You might know Boston Dynamics as the makers of the adorable robo-dog, Spot. Or you might have come across their AI-enabled robot, Atlas that can even do parkour. Recently, Hyundai Motor Company has confirmed that they have bought a controlling interest in Boston Dynamics from SoftBank. According to the deal, the American robotics developer has been valued at $1.1 billion and Hyundai has 80 per cent shares while SoftBank still owns 20 per cent.
Through this acquisition, both companies plan to have a synergy between their operations and leverage the strengths of each other and grow together. While this might seem like an odd match at first, it is actually not. Hyundai has been investing heavily in smart mobility solutions to stay ahead of its competitors. With cars becoming smarter and more connected, having a company that specialises in robotics and AI can be a great asset in the long run. We are already seeing AI assistants in cars that can understand voice commands and perform small tasks like opening the sunroof, playing music and changing the temperature settings. With the advent of autonomous vehicles, the reliability of AI will only increase.
The future that we only saw in CGI-rendered posters could be coming close to reality at last. After spending years in development, Boston Dynamic’s first product has entered commercial production. Spot has been employed in various industries including construction, mining, manufacturing and more. Some of you might remember Elevate, a ‘walking car’ that was introduced to the world by Hyundai in 2019. The idea behind the concept was that this vehicle would be able to navigate terrains that even the best 4×4 cannot. It could be a great platform for building vehicles for disaster relief or emergency assistance vehicles. The learnings from Spot and other mobile robots could definitely come in handy when developing vehicles like Elevate.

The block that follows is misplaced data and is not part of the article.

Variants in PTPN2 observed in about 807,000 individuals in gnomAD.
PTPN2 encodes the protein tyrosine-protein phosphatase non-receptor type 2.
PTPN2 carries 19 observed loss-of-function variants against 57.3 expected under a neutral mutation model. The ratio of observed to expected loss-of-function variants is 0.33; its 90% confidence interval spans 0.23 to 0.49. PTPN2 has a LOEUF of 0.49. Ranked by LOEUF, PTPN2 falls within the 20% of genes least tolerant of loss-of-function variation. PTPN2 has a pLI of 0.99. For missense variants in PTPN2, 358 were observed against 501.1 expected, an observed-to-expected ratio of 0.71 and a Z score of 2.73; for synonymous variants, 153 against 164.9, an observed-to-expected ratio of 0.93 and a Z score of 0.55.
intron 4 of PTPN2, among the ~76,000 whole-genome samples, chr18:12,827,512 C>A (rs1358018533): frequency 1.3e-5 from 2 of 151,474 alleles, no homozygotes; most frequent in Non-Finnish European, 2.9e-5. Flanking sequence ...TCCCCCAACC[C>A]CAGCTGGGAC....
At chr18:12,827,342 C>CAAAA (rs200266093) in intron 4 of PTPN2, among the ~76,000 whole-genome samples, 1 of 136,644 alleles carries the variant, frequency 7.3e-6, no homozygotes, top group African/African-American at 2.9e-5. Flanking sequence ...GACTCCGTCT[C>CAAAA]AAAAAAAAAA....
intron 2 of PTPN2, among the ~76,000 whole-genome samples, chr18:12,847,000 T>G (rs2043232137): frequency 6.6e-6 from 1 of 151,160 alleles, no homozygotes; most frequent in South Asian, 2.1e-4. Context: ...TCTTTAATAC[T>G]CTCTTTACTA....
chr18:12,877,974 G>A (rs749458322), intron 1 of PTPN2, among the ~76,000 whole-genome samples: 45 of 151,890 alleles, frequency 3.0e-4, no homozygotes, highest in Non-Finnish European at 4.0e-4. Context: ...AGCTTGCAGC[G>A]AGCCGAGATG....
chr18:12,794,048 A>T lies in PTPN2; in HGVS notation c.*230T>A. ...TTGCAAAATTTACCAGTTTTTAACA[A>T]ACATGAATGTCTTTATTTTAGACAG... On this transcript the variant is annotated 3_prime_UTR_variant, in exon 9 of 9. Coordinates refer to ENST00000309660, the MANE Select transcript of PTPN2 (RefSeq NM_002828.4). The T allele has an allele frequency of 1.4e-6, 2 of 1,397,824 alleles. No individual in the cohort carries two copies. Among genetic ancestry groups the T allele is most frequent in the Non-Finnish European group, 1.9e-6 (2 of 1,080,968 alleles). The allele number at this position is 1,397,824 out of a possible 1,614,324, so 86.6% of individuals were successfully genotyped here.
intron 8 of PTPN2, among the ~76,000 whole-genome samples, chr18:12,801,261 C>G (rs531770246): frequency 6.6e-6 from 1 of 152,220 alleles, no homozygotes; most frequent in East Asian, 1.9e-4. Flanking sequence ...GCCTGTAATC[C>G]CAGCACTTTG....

Boston Dynamics recently showcased a new product called Stretch. It is a mobile robotics unit meant to be used in warehouses and distribution centres and can move packages. This could also be used for inventory management at Hyundai’s plants across the globe for even more efficient operations. Many robots are used in manufacturing vehicles already and Hyundai Motor India claimed that their most recent product, the Alcazar SUV was made using over 650 4th generation robots. Adding more robots to the assembly line could result in faster production with tighter tolerances for quality levels. By employing more robots that are smarter as well, production lines could continue working even during a situation as we have now. The robots could be controlled remotely or with a minimum number of staff present on-site.
It would surely be interesting to see how this partnership plays out in the days to come and how other manufacturers adapt and respond.
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